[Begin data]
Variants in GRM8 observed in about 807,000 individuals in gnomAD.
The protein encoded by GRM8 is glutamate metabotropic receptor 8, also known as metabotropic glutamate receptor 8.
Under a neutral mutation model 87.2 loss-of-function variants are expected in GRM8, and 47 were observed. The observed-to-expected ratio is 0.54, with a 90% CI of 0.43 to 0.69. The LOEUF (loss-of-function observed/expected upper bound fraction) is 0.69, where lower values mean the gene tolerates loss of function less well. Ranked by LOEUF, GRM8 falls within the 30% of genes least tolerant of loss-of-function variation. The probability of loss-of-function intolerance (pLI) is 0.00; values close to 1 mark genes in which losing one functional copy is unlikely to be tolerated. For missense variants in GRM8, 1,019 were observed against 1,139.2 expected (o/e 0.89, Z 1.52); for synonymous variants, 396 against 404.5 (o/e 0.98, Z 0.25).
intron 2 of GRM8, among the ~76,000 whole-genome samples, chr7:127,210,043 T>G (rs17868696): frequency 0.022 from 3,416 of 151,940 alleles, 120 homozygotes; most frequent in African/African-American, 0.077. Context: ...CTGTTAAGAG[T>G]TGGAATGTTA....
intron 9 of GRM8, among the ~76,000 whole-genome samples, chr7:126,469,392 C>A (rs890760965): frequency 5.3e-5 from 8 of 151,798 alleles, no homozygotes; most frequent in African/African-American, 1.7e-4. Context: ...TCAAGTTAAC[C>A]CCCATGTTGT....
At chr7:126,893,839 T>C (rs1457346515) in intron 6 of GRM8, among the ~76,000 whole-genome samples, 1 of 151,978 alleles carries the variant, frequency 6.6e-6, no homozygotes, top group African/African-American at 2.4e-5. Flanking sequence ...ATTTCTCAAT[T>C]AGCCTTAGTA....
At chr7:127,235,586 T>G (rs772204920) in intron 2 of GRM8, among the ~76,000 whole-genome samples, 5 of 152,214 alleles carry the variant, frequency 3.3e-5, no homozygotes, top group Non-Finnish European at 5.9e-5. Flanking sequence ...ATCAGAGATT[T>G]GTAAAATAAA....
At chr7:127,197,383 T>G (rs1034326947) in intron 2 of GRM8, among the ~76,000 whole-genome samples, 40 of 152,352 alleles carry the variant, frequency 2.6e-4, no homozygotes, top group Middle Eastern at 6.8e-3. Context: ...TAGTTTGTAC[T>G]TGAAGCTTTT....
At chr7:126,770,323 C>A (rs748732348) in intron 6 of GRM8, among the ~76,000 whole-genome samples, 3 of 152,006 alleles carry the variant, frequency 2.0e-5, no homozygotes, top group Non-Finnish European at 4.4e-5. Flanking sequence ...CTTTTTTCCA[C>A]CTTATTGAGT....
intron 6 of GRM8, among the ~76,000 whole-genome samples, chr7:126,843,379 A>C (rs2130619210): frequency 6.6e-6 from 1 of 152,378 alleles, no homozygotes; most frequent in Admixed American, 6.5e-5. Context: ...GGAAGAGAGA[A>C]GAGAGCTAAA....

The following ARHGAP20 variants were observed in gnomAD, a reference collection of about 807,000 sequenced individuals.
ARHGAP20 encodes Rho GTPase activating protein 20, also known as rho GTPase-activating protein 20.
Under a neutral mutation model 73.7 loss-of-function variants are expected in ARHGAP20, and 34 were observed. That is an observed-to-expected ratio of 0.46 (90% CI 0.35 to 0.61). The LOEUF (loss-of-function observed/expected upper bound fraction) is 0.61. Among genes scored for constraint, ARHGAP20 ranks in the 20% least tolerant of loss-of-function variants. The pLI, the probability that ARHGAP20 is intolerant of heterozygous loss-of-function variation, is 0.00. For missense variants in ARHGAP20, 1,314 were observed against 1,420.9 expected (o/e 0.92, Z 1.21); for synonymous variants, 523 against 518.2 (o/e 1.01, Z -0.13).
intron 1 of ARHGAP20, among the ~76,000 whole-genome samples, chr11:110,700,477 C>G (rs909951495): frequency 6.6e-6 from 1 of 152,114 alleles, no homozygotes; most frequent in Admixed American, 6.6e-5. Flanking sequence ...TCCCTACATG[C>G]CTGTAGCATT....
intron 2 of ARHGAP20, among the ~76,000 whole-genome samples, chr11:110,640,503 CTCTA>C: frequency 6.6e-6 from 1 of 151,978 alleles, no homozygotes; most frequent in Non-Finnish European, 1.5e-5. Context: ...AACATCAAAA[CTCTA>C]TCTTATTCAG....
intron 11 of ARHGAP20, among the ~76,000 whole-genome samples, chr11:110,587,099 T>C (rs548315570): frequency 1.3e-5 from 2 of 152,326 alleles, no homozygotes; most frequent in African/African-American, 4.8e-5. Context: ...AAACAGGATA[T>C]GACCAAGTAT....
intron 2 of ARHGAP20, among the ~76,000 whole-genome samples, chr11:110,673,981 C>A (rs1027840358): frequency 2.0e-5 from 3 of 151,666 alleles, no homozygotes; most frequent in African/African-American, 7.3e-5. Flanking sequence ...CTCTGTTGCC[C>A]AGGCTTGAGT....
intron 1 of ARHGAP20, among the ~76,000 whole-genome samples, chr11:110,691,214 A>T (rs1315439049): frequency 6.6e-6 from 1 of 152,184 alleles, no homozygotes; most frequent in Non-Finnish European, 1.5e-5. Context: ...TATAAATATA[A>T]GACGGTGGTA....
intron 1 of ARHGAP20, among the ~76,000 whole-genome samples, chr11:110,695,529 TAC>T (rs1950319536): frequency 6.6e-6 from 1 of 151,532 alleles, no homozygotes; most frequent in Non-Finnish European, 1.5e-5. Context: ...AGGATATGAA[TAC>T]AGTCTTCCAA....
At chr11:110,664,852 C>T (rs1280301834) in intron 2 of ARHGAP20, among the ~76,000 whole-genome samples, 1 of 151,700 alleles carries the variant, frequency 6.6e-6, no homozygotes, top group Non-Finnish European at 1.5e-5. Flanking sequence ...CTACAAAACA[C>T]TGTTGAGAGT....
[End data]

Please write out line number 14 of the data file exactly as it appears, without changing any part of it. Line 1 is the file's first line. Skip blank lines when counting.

intron 1 of ARHGAP20, among the ~76,000 whole-genome samples, chr11:110,700,477 C>G (rs909951495): frequency 6.6e-6 from 1 of 152,114 alleles, no homozygotes; most frequent in Admixed American, 6.6e-5. Flanking sequence ...TCCCTACATG[C>G]CTGTAGCATT....